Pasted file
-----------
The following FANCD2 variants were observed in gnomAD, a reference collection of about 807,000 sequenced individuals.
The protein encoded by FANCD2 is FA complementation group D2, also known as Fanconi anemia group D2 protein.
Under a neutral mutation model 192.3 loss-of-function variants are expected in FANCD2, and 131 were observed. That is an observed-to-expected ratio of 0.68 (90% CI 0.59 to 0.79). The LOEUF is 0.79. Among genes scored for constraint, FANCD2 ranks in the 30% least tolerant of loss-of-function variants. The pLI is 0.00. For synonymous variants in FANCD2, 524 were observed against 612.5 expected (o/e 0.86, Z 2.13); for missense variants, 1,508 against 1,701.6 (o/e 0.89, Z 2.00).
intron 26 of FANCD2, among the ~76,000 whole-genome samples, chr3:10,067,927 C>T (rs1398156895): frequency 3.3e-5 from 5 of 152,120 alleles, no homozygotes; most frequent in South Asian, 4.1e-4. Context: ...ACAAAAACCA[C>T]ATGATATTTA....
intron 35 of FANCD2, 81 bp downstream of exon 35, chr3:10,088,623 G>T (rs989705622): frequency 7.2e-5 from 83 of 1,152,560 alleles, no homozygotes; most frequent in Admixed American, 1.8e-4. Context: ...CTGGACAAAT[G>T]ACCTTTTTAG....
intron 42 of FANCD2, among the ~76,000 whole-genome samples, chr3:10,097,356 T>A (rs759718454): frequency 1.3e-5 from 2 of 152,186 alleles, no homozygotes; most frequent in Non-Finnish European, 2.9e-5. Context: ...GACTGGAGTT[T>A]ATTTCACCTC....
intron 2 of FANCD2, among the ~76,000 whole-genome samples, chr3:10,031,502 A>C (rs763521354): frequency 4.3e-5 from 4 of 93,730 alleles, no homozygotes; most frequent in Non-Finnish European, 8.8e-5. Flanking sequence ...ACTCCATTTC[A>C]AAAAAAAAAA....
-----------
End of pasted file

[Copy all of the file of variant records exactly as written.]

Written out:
The following FANCD2 variants were observed in gnomAD, a reference collection of about 807,000 sequenced individuals.
The protein encoded by FANCD2 is FA complementation group D2, also known as Fanconi anemia group D2 protein.
Under a neutral mutation model 192.3 loss-of-function variants are expected in FANCD2, and 131 were observed. That is an observed-to-expected ratio of 0.68 (90% CI 0.59 to 0.79). The LOEUF is 0.79. Among genes scored for constraint, FANCD2 ranks in the 30% least tolerant of loss-of-function variants. The pLI is 0.00. For synonymous variants in FANCD2, 524 were observed against 612.5 expected (o/e 0.86, Z 2.13); for missense variants, 1,508 against 1,701.6 (o/e 0.89, Z 2.00).
intron 26 of FANCD2, among the ~76,000 whole-genome samples, chr3:10,067,927 C>T (rs1398156895): frequency 3.3e-5 from 5 of 152,120 alleles, no homozygotes; most frequent in South Asian, 4.1e-4. Context: ...ACAAAAACCA[C>T]ATGATATTTA....
intron 35 of FANCD2, 81 bp downstream of exon 35, chr3:10,088,623 G>T (rs989705622): frequency 7.2e-5 from 83 of 1,152,560 alleles, no homozygotes; most frequent in Admixed American, 1.8e-4. Context: ...CTGGACAAAT[G>T]ACCTTTTTAG....
intron 42 of FANCD2, among the ~76,000 whole-genome samples, chr3:10,097,356 T>A (rs759718454): frequency 1.3e-5 from 2 of 152,186 alleles, no homozygotes; most frequent in Non-Finnish European, 2.9e-5. Context: ...GACTGGAGTT[T>A]ATTTCACCTC....
intron 2 of FANCD2, among the ~76,000 whole-genome samples, chr3:10,031,502 A>C (rs763521354): frequency 4.3e-5 from 4 of 93,730 alleles, no homozygotes; most frequent in Non-Finnish European, 8.8e-5. Flanking sequence ...ACTCCATTTC[A>C]AAAAAAAAAA....